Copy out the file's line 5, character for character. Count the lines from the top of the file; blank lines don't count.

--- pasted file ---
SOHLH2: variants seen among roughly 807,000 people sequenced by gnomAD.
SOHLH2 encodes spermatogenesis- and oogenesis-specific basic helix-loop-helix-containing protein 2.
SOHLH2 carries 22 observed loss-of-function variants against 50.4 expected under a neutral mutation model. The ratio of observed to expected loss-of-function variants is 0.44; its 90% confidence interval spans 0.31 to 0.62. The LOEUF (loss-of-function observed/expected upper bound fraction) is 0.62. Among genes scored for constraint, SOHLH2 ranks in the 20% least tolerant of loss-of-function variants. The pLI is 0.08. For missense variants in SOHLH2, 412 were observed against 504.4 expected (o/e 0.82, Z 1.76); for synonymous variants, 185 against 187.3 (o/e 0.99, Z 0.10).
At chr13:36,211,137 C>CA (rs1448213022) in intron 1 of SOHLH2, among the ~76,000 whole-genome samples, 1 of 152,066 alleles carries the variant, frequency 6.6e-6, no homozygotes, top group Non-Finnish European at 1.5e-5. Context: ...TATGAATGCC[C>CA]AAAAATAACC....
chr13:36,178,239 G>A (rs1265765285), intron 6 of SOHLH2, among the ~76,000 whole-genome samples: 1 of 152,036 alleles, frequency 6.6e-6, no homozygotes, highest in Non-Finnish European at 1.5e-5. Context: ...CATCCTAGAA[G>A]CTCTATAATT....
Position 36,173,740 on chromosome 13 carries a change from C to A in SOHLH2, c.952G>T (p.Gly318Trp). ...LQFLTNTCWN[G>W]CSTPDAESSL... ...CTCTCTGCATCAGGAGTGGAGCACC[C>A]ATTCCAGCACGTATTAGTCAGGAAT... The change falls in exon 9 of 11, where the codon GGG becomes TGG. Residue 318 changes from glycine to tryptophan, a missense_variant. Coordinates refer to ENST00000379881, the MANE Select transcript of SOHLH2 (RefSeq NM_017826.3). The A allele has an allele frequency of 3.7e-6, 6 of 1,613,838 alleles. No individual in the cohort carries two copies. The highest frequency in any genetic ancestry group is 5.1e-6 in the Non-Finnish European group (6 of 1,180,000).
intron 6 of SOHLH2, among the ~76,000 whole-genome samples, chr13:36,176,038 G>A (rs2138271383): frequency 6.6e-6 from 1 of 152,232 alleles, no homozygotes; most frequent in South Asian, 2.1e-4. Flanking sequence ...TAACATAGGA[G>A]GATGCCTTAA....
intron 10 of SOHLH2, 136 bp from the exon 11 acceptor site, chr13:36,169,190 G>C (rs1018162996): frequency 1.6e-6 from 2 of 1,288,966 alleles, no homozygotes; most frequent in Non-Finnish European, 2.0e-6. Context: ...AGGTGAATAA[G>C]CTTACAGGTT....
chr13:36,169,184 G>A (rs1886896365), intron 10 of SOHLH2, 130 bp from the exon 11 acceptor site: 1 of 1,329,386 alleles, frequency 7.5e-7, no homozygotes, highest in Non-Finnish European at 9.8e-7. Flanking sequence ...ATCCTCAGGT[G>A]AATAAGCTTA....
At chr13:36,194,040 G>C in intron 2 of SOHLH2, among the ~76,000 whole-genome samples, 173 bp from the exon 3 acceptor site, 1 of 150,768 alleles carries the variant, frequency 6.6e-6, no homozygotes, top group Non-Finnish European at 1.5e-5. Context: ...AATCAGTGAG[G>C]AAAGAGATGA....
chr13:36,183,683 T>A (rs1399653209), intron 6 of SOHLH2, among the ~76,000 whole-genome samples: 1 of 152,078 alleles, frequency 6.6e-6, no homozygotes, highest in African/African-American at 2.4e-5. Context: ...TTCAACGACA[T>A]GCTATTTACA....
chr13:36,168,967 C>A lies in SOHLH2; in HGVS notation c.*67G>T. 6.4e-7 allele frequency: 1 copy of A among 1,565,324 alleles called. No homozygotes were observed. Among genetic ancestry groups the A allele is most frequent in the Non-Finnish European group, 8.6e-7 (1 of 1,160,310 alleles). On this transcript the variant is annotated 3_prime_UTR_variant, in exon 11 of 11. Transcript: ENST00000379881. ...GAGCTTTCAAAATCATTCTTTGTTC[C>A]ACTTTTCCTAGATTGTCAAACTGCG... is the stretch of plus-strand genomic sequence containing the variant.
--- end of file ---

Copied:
chr13:36,178,239 G>A (rs1265765285), intron 6 of SOHLH2, among the ~76,000 whole-genome samples: 1 of 152,036 alleles, frequency 6.6e-6, no homozygotes, highest in Non-Finnish European at 1.5e-5. Context: ...CATCCTAGAA[G>A]CTCTATAATT....